[00:36:59] But kind of leading up to what you had mentioned there. Yeah, we just recently merged with a a top 100 accounting firm at the Andrews inner CPA advisors in April. So we just did an April 1st. And so it's a fairly new very new experience right now and--
[00:37:13] Serena: Congratulations.
[00:37:14] Jody: Yeah. Thank you. Appreciate it. And what they wanted to see was they wouldn't ask to come in and be their virtual CFO department, you know, so they wanted to bring our processes in place. The way that we do things from the subscription-based billing to, you know, team retreats and everything that we do as a virtual company, you know, they wanted us to bring that into Their company and kind of teach them how, what we've done in, you know, kind of pull different ideas on, Hey, how can they make their company even better by having us as part of it? So it's been a pretty cool, it was a pretty cool, pretty cool merger so far. I love it. The team over there is great and they're, they're trying to adapt how we are adapt to how we actually. Do things, you know, cause we are fully remote and they're fully brick and mortar. For the most part, they do have some remote workers, but for the most part, a fuller amount. And so that's, that's the fun part that we've got coming up is really figuring out how to help them grow, and help them become, you know, the, you know, they're already way on their way to becoming and you know, the firms of the future for the most part, but really kind of accelerating that through bringing us on. So it's pretty exciting stuff.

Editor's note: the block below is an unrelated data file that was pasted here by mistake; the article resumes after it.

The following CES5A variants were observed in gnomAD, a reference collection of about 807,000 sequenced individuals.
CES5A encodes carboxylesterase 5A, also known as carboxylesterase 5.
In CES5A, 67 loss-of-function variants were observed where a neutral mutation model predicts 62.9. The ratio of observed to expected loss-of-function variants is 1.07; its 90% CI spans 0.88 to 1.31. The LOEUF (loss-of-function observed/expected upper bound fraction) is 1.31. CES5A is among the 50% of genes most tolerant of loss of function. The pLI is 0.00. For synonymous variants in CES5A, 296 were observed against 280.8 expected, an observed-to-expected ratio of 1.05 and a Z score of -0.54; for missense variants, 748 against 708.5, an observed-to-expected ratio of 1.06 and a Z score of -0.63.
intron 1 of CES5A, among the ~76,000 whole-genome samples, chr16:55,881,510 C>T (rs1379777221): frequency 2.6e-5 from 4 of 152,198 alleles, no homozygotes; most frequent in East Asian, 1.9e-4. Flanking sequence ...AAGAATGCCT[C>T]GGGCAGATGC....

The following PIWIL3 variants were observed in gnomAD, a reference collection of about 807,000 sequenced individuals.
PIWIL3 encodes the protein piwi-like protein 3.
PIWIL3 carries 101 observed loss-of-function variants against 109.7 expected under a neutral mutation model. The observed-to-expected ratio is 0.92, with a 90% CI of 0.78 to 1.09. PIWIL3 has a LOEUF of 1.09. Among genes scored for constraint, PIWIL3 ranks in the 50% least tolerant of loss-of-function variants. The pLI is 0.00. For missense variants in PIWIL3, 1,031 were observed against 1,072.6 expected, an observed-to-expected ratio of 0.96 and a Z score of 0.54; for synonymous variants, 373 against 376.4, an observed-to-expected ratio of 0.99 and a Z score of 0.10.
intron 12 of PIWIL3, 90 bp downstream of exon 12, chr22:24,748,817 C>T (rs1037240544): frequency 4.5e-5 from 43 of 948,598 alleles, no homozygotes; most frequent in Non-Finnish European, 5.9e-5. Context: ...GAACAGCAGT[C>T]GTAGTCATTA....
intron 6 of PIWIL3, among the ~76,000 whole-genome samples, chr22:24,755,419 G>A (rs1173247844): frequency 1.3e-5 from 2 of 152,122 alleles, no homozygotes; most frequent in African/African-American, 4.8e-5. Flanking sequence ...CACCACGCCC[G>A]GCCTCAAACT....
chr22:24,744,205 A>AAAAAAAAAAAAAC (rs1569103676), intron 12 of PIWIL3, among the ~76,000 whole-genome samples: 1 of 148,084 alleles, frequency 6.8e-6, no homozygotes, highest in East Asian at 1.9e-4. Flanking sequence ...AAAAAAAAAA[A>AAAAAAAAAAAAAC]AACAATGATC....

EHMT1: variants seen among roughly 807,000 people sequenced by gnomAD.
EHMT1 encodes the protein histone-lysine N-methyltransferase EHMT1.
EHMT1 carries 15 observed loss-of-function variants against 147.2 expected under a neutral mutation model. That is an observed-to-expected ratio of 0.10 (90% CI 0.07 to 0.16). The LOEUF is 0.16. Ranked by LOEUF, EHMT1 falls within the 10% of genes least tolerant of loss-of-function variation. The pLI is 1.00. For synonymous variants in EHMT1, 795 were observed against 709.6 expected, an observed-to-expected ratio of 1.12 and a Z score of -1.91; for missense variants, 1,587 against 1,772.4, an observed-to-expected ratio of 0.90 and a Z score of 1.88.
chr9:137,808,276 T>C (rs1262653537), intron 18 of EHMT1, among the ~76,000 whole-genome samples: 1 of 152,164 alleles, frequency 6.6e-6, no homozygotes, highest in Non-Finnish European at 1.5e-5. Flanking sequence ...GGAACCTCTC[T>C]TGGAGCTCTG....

[00:38:16] Serena: That's fun. Yeah. I want to point out for the listeners that like the recurring theme here, being able to grow so successfully really is dependent on the team and the culture that you're creating, because you wouldn't, you would not be where you are today without, without that culture you've created. So that's really great.